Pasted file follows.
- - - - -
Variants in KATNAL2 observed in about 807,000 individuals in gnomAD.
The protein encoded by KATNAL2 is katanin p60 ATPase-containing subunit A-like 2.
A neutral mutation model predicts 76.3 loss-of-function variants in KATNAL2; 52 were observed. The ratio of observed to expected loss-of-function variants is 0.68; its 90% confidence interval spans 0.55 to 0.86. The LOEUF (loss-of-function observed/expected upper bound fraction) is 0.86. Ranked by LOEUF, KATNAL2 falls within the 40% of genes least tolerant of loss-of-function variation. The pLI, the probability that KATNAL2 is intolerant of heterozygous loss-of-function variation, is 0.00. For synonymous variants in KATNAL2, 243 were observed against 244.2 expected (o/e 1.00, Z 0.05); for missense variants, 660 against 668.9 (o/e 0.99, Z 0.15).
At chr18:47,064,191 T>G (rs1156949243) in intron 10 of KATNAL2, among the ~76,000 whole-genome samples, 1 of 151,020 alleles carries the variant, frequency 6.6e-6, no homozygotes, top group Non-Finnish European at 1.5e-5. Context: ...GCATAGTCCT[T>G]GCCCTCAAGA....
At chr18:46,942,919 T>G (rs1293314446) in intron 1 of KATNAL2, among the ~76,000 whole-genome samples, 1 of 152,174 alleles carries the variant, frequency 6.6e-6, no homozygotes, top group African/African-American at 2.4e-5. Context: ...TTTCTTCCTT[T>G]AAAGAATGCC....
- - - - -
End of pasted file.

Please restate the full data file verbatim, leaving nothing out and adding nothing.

Variants in KATNAL2 observed in about 807,000 individuals in gnomAD.
The protein encoded by KATNAL2 is katanin p60 ATPase-containing subunit A-like 2.
A neutral mutation model predicts 76.3 loss-of-function variants in KATNAL2; 52 were observed. The ratio of observed to expected loss-of-function variants is 0.68; its 90% confidence interval spans 0.55 to 0.86. The LOEUF (loss-of-function observed/expected upper bound fraction) is 0.86. Ranked by LOEUF, KATNAL2 falls within the 40% of genes least tolerant of loss-of-function variation. The pLI, the probability that KATNAL2 is intolerant of heterozygous loss-of-function variation, is 0.00. For synonymous variants in KATNAL2, 243 were observed against 244.2 expected (o/e 1.00, Z 0.05); for missense variants, 660 against 668.9 (o/e 0.99, Z 0.15).
At chr18:47,064,191 T>G (rs1156949243) in intron 10 of KATNAL2, among the ~76,000 whole-genome samples, 1 of 151,020 alleles carries the variant, frequency 6.6e-6, no homozygotes, top group Non-Finnish European at 1.5e-5. Context: ...GCATAGTCCT[T>G]GCCCTCAAGA....
At chr18:46,942,919 T>G (rs1293314446) in intron 1 of KATNAL2, among the ~76,000 whole-genome samples, 1 of 152,174 alleles carries the variant, frequency 6.6e-6, no homozygotes, top group African/African-American at 2.4e-5. Context: ...TTTCTTCCTT[T>G]AAAGAATGCC....